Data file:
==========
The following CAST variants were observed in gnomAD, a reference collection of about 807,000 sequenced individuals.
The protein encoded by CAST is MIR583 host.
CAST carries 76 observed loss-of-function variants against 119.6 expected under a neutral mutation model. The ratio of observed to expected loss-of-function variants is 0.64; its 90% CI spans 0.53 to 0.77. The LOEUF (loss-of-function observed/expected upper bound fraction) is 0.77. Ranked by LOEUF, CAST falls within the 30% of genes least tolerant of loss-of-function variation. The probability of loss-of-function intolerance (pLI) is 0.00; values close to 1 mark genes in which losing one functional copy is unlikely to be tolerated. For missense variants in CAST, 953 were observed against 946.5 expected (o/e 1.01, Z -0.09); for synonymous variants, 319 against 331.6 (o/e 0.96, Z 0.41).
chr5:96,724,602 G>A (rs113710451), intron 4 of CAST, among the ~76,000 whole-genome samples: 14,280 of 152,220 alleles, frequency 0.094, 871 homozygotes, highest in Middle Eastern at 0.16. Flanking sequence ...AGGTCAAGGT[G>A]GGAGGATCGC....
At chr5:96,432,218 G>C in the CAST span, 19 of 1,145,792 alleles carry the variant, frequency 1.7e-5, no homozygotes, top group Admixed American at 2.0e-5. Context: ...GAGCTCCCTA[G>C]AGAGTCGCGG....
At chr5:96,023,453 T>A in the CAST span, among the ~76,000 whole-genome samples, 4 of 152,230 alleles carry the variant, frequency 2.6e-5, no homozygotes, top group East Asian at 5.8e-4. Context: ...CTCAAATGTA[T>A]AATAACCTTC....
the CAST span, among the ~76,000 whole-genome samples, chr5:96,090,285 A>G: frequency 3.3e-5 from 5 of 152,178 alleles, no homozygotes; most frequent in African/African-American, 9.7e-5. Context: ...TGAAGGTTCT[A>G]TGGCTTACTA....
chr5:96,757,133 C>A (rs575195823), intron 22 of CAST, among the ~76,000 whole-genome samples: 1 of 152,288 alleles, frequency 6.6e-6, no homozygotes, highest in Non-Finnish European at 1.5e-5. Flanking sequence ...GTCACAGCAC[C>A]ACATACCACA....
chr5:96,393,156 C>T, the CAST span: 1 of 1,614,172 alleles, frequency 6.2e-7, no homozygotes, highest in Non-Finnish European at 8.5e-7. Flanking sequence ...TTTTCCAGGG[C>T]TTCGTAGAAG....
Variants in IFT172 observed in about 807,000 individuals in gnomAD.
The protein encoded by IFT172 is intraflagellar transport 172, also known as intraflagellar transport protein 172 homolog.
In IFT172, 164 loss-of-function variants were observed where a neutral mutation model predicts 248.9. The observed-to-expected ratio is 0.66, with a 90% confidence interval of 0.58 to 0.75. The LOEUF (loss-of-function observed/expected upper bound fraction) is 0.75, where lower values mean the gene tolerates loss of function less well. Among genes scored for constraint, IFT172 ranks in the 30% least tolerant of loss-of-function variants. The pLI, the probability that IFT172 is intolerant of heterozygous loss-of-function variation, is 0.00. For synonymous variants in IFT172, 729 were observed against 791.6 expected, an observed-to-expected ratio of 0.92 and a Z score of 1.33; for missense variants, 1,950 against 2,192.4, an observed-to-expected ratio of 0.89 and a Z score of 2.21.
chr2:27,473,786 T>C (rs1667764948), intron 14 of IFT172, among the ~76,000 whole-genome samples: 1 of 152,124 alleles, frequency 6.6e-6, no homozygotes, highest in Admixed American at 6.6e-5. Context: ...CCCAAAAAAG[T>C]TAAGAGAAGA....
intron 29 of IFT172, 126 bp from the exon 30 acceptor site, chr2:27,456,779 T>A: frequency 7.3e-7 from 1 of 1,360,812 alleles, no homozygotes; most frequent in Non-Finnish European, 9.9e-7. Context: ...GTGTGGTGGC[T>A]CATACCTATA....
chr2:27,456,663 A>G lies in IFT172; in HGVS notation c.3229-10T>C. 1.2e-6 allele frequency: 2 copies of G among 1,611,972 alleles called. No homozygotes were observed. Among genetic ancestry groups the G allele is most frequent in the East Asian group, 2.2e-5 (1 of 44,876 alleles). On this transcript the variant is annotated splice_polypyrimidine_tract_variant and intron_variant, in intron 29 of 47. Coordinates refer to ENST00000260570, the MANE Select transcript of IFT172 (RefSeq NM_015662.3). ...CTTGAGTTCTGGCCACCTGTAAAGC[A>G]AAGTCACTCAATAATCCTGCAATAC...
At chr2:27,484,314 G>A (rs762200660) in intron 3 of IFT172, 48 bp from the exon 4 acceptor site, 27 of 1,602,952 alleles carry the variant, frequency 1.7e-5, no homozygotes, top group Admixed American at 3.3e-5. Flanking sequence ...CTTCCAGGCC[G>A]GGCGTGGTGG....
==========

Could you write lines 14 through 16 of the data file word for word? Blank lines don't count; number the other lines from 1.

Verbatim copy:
intron 29 of IFT172, 126 bp from the exon 30 acceptor site, chr2:27,456,779 T>A: frequency 7.3e-7 from 1 of 1,360,812 alleles, no homozygotes; most frequent in Non-Finnish European, 9.9e-7. Context: ...GTGTGGTGGC[T>A]CATACCTATA....
chr2:27,456,663 A>G lies in IFT172; in HGVS notation c.3229-10T>C. 1.2e-6 allele frequency: 2 copies of G among 1,611,972 alleles called. No homozygotes were observed. Among genetic ancestry groups the G allele is most frequent in the East Asian group, 2.2e-5 (1 of 44,876 alleles). On this transcript the variant is annotated splice_polypyrimidine_tract_variant and intron_variant, in intron 29 of 47. Coordinates refer to ENST00000260570, the MANE Select transcript of IFT172 (RefSeq NM_015662.3). ...CTTGAGTTCTGGCCACCTGTAAAGC[A>G]AAGTCACTCAATAATCCTGCAATAC...
At chr2:27,484,314 G>A (rs762200660) in intron 3 of IFT172, 48 bp from the exon 4 acceptor site, 27 of 1,602,952 alleles carry the variant, frequency 1.7e-5, no homozygotes, top group Admixed American at 3.3e-5. Flanking sequence ...CTTCCAGGCC[G>A]GGCGTGGTGG....